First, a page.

Identification of a Polyketide Synthase Required for Alternariol (AOH) and Alternariol-9-Methyl Ether (AME) Formation in Alternaria alternata

  • Debjani Saha, 
  • Ramona Fetzner, 
  • Britta Burkhardt, 
  • Joachim Podlech, 
  • Manfred Metzler, 
  • Ha Dang, 
  • Christopher Lawrence, 
  • Reinhard Fischer
PLOS
x

Abstract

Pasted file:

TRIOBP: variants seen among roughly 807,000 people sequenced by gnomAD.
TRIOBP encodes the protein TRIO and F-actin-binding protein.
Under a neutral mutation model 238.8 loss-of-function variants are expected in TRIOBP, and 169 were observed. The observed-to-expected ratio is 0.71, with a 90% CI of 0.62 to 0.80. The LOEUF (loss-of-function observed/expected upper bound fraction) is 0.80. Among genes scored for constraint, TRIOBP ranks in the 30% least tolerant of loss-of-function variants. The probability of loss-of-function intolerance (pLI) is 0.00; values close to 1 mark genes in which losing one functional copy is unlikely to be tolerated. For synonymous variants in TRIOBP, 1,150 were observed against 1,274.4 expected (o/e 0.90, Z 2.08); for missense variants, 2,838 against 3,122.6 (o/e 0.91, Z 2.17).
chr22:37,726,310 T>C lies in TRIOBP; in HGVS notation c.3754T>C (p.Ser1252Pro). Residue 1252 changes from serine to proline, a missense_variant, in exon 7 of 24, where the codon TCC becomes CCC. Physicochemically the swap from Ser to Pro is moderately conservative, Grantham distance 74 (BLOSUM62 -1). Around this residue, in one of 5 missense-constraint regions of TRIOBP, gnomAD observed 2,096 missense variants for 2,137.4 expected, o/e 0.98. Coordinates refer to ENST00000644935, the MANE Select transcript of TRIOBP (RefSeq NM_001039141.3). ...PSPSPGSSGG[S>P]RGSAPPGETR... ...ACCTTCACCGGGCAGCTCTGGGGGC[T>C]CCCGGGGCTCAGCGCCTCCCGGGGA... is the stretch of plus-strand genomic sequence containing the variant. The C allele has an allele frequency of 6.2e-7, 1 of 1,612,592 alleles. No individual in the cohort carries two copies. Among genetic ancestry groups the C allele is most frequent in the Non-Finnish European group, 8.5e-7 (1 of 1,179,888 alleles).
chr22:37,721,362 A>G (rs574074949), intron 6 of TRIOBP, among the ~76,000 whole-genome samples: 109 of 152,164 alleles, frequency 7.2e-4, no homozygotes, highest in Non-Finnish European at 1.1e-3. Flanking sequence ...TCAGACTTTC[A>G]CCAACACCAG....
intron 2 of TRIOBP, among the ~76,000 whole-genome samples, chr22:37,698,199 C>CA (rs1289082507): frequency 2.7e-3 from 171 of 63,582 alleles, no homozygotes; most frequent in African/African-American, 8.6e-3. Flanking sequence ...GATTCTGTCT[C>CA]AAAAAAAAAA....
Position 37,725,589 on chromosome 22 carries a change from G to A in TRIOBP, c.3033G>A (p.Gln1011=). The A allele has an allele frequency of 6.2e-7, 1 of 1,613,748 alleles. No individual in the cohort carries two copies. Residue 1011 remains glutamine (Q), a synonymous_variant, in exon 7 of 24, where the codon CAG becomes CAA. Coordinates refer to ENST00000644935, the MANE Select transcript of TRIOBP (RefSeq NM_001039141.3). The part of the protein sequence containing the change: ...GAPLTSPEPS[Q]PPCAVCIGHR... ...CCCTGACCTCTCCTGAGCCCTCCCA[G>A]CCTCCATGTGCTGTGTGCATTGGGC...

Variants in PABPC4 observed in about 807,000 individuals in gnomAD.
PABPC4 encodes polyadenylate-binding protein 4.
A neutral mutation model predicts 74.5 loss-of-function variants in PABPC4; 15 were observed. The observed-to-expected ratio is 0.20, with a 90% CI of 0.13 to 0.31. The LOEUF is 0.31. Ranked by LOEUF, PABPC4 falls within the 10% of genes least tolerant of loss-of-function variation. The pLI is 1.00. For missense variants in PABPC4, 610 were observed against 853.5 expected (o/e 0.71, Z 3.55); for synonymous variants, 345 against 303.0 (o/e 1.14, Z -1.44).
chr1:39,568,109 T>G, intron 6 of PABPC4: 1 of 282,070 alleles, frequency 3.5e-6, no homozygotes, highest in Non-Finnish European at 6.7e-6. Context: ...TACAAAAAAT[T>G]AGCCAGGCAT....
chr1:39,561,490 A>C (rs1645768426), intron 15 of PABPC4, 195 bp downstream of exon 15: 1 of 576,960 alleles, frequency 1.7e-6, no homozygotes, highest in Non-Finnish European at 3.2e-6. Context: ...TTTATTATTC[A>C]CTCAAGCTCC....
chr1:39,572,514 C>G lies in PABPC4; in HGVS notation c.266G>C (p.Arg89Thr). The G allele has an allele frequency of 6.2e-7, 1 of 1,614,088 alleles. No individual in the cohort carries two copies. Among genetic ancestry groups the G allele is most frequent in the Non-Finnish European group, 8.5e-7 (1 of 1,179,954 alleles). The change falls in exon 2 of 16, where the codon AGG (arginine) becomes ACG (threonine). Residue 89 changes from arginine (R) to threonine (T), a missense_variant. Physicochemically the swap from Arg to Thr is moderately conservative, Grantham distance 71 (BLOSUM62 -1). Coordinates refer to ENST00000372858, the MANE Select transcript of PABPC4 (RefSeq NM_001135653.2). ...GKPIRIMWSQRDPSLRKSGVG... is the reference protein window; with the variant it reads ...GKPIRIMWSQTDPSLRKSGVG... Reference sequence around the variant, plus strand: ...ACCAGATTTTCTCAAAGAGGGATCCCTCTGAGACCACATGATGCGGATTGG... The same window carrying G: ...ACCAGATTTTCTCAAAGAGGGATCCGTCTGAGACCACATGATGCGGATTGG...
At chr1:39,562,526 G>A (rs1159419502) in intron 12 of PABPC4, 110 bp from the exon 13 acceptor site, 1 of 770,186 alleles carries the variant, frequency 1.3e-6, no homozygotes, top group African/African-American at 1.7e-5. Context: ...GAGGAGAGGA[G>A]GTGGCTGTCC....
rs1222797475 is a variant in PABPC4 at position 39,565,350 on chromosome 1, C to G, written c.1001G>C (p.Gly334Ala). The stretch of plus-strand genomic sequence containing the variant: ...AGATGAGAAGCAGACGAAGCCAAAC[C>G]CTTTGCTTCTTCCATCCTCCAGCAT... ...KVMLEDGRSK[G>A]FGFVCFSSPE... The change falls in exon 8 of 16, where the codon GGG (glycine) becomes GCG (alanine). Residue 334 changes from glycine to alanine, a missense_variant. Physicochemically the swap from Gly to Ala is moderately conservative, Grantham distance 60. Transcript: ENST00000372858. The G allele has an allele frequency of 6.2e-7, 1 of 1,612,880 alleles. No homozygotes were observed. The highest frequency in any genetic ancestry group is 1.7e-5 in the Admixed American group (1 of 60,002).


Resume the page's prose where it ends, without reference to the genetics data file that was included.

Alternaria alternata produces more than 60 secondary metabolites, among which alternariol (AOH) and alternariol-9-methyl ether (AME) are important mycotoxins. Whereas the toxicology of these two polyketide-based compounds has been studied, nothing is known about the genetics of their biosynthesis. One of the postulated core enzymes in the biosynthesis of AOH and AME is polyketide synthase (PKS). In a draft genome sequence of A. alternata we identified 10 putative PKS-encoding genes. The timing of the expression of two PKS genes, pksJ and pksH, correlated with the production of AOH and AME. The PksJ and PksH proteins are predicted to be 2222 and 2821 amino acids in length, respectively. They are both iterative type I reducing polyketide synthases. PksJ harbors a peroxisomal targeting sequence at the C-terminus, suggesting that the biosynthesis occurs at least partly in these organelles. In the vicinity of pksJ we found a transcriptional regulator, altR, involved in pksJ induction and a putative methyl transferase, possibly responsible for AME formation. Downregulation of pksJ and altR caused a large decrease of alternariol formation, suggesting that PksJ is the polyketide synthase required for the postulated Claisen condensations during the biosynthesis. No other enzymes appeared to be required. PksH downregulation affected pksJ expression and thus caused an indirect effect on AOH production.